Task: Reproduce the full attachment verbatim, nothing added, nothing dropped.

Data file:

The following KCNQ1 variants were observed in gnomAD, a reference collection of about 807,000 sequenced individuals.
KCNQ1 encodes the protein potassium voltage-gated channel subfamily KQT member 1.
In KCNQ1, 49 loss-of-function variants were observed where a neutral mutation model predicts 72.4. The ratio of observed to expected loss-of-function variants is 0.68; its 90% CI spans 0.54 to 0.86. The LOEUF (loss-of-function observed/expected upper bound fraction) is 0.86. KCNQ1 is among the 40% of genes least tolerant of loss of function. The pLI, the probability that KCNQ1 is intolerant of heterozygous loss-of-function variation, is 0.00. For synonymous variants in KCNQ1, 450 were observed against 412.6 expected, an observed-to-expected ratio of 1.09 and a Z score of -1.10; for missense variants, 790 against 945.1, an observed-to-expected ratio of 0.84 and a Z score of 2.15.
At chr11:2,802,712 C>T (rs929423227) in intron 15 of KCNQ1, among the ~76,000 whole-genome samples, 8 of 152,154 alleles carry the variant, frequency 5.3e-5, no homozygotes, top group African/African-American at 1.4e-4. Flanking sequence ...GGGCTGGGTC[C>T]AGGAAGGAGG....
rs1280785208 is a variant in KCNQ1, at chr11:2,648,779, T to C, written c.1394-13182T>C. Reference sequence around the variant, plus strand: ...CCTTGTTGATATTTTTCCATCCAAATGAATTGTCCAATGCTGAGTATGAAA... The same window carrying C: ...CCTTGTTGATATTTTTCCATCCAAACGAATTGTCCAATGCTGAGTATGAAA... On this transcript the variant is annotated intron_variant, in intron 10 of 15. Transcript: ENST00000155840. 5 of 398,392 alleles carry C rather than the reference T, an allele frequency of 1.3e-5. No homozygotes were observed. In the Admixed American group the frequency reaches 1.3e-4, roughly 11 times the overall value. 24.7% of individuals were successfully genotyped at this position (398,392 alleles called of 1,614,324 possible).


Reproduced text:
The following KCNQ1 variants were observed in gnomAD, a reference collection of about 807,000 sequenced individuals.
KCNQ1 encodes the protein potassium voltage-gated channel subfamily KQT member 1.
In KCNQ1, 49 loss-of-function variants were observed where a neutral mutation model predicts 72.4. The ratio of observed to expected loss-of-function variants is 0.68; its 90% CI spans 0.54 to 0.86. The LOEUF (loss-of-function observed/expected upper bound fraction) is 0.86. KCNQ1 is among the 40% of genes least tolerant of loss of function. The pLI, the probability that KCNQ1 is intolerant of heterozygous loss-of-function variation, is 0.00. For synonymous variants in KCNQ1, 450 were observed against 412.6 expected, an observed-to-expected ratio of 1.09 and a Z score of -1.10; for missense variants, 790 against 945.1, an observed-to-expected ratio of 0.84 and a Z score of 2.15.
At chr11:2,802,712 C>T (rs929423227) in intron 15 of KCNQ1, among the ~76,000 whole-genome samples, 8 of 152,154 alleles carry the variant, frequency 5.3e-5, no homozygotes, top group African/African-American at 1.4e-4. Flanking sequence ...GGGCTGGGTC[C>T]AGGAAGGAGG....
rs1280785208 is a variant in KCNQ1, at chr11:2,648,779, T to C, written c.1394-13182T>C. Reference sequence around the variant, plus strand: ...CCTTGTTGATATTTTTCCATCCAAATGAATTGTCCAATGCTGAGTATGAAA... The same window carrying C: ...CCTTGTTGATATTTTTCCATCCAAACGAATTGTCCAATGCTGAGTATGAAA... On this transcript the variant is annotated intron_variant, in intron 10 of 15. Transcript: ENST00000155840. 5 of 398,392 alleles carry C rather than the reference T, an allele frequency of 1.3e-5. No homozygotes were observed. In the Admixed American group the frequency reaches 1.3e-4, roughly 11 times the overall value. 24.7% of individuals were successfully genotyped at this position (398,392 alleles called of 1,614,324 possible).